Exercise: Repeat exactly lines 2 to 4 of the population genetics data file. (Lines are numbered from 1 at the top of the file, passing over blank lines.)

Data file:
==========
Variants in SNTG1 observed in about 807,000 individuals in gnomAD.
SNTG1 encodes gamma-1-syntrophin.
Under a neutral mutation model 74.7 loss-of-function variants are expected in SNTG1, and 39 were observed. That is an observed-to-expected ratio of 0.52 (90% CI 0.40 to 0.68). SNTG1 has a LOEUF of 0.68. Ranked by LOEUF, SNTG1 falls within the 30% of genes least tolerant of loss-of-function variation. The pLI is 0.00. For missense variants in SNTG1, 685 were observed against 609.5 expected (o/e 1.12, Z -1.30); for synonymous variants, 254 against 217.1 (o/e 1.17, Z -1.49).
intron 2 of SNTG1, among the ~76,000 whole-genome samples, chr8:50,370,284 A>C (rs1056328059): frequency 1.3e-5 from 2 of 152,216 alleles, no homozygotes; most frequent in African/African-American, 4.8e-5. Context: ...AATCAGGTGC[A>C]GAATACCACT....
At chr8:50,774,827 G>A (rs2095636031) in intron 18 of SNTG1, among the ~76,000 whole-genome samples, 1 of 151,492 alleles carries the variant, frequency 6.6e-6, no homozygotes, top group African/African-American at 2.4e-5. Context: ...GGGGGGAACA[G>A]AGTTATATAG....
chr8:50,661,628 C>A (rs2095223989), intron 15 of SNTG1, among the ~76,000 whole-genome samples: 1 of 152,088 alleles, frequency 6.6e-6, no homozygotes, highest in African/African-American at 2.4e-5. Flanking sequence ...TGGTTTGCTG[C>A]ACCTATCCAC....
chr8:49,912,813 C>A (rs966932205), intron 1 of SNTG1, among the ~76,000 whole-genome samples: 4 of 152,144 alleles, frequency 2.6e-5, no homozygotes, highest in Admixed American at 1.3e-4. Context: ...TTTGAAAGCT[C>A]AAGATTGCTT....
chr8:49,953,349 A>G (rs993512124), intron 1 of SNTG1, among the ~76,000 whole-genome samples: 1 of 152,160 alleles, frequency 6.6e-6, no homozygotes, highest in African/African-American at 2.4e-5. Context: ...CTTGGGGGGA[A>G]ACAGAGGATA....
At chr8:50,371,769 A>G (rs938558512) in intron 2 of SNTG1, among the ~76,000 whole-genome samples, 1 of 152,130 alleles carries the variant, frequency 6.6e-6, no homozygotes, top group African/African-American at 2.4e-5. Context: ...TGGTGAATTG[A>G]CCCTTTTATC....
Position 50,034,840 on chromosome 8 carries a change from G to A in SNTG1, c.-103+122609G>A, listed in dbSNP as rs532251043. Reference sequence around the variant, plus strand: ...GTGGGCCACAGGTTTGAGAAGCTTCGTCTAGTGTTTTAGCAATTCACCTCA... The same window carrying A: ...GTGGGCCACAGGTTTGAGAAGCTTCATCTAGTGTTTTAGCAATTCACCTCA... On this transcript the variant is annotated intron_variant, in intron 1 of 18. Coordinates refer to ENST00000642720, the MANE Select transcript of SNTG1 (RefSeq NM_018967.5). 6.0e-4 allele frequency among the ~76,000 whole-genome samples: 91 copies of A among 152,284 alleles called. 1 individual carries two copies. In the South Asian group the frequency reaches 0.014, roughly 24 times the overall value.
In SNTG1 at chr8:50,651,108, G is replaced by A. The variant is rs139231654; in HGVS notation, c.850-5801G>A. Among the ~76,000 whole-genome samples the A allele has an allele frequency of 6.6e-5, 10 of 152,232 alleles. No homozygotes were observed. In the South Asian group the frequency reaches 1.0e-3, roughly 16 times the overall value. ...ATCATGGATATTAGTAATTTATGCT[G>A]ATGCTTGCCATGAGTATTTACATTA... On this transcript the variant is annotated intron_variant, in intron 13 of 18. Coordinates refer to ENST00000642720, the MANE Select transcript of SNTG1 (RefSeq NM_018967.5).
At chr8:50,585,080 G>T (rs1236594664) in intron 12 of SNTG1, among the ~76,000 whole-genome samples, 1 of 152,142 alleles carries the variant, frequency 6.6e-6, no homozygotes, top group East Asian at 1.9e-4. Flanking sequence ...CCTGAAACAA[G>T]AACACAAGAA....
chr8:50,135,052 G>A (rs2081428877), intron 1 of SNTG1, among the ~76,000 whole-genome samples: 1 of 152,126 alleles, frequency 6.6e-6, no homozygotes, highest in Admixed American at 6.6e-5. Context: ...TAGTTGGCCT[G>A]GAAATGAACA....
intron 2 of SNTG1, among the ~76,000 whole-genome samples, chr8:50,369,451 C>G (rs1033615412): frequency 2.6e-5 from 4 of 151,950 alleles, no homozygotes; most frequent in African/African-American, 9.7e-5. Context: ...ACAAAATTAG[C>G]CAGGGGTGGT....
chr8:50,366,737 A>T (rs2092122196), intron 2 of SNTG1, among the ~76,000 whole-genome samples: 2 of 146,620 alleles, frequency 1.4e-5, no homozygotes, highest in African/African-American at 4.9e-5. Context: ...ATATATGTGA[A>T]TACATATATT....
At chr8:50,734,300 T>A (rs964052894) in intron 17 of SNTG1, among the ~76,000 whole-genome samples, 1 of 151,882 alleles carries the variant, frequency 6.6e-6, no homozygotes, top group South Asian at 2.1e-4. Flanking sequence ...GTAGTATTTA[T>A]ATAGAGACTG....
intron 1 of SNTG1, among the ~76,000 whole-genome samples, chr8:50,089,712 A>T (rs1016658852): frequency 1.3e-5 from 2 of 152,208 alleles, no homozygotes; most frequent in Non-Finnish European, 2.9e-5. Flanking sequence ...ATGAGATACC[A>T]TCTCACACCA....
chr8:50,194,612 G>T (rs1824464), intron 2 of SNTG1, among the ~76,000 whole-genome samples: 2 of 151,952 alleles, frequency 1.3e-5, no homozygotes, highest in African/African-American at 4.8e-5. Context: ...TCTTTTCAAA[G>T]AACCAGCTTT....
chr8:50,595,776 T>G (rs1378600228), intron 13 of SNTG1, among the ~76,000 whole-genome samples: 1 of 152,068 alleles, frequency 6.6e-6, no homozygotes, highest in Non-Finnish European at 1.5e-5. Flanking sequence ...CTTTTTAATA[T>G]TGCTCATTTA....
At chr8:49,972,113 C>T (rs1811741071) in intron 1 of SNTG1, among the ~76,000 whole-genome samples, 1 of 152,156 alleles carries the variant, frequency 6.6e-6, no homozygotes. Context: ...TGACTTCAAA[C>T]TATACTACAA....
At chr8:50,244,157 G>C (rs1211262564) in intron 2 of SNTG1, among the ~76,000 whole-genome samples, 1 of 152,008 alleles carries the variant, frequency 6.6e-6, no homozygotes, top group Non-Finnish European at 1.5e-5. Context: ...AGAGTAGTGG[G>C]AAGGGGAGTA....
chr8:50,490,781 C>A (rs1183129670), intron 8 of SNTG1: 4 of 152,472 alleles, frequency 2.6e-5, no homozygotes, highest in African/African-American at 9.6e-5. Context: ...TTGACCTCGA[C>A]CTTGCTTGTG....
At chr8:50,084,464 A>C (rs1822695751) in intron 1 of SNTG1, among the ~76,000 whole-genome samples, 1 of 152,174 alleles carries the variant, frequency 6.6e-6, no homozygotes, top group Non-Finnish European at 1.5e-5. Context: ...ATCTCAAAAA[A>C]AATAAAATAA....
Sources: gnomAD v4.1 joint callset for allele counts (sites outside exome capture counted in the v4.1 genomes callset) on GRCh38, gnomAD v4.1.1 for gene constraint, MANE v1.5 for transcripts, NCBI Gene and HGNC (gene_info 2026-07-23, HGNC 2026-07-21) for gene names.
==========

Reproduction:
SNTG1 encodes gamma-1-syntrophin.
Under a neutral mutation model 74.7 loss-of-function variants are expected in SNTG1, and 39 were observed. That is an observed-to-expected ratio of 0.52 (90% CI 0.40 to 0.68). SNTG1 has a LOEUF of 0.68. Ranked by LOEUF, SNTG1 falls within the 30% of genes least tolerant of loss-of-function variation. The pLI is 0.00. For missense variants in SNTG1, 685 were observed against 609.5 expected (o/e 1.12, Z -1.30); for synonymous variants, 254 against 217.1 (o/e 1.17, Z -1.49).
intron 2 of SNTG1, among the ~76,000 whole-genome samples, chr8:50,370,284 A>C (rs1056328059): frequency 1.3e-5 from 2 of 152,216 alleles, no homozygotes; most frequent in African/African-American, 4.8e-5. Context: ...AATCAGGTGC[A>C]GAATACCACT....